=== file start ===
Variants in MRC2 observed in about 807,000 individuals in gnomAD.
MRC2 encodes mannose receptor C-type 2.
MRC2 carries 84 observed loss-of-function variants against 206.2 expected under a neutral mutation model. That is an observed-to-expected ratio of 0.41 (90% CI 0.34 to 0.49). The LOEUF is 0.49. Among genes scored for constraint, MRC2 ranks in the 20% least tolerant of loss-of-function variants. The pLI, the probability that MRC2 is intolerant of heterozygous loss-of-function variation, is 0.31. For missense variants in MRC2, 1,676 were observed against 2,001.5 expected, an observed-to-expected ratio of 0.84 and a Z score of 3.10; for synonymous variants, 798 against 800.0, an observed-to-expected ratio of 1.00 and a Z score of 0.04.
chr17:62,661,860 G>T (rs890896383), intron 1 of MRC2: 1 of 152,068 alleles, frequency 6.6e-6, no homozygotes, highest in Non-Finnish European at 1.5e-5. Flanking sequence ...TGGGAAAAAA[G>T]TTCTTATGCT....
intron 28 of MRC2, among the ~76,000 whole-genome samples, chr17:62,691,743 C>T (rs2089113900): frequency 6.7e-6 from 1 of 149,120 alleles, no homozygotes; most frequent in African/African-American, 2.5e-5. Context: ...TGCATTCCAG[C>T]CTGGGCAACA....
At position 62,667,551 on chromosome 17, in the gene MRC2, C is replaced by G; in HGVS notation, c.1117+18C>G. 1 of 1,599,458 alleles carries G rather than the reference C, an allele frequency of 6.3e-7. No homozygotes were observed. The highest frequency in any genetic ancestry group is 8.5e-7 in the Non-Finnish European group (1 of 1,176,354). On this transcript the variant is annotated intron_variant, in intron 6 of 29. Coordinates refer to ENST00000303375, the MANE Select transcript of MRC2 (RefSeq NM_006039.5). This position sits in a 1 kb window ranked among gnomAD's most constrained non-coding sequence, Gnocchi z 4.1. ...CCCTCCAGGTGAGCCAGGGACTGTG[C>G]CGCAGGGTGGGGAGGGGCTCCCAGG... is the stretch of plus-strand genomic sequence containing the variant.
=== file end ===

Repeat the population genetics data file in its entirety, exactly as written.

Variants in MRC2 observed in about 807,000 individuals in gnomAD.
MRC2 encodes mannose receptor C-type 2.
MRC2 carries 84 observed loss-of-function variants against 206.2 expected under a neutral mutation model. That is an observed-to-expected ratio of 0.41 (90% CI 0.34 to 0.49). The LOEUF is 0.49. Among genes scored for constraint, MRC2 ranks in the 20% least tolerant of loss-of-function variants. The pLI, the probability that MRC2 is intolerant of heterozygous loss-of-function variation, is 0.31. For missense variants in MRC2, 1,676 were observed against 2,001.5 expected, an observed-to-expected ratio of 0.84 and a Z score of 3.10; for synonymous variants, 798 against 800.0, an observed-to-expected ratio of 1.00 and a Z score of 0.04.
chr17:62,661,860 G>T (rs890896383), intron 1 of MRC2: 1 of 152,068 alleles, frequency 6.6e-6, no homozygotes, highest in Non-Finnish European at 1.5e-5. Flanking sequence ...TGGGAAAAAA[G>T]TTCTTATGCT....
intron 28 of MRC2, among the ~76,000 whole-genome samples, chr17:62,691,743 C>T (rs2089113900): frequency 6.7e-6 from 1 of 149,120 alleles, no homozygotes; most frequent in African/African-American, 2.5e-5. Context: ...TGCATTCCAG[C>T]CTGGGCAACA....
At position 62,667,551 on chromosome 17, in the gene MRC2, C is replaced by G; in HGVS notation, c.1117+18C>G. 1 of 1,599,458 alleles carries G rather than the reference C, an allele frequency of 6.3e-7. No homozygotes were observed. The highest frequency in any genetic ancestry group is 8.5e-7 in the Non-Finnish European group (1 of 1,176,354). On this transcript the variant is annotated intron_variant, in intron 6 of 29. Coordinates refer to ENST00000303375, the MANE Select transcript of MRC2 (RefSeq NM_006039.5). This position sits in a 1 kb window ranked among gnomAD's most constrained non-coding sequence, Gnocchi z 4.1. ...CCCTCCAGGTGAGCCAGGGACTGTG[C>G]CGCAGGGTGGGGAGGGGCTCCCAGG... is the stretch of plus-strand genomic sequence containing the variant.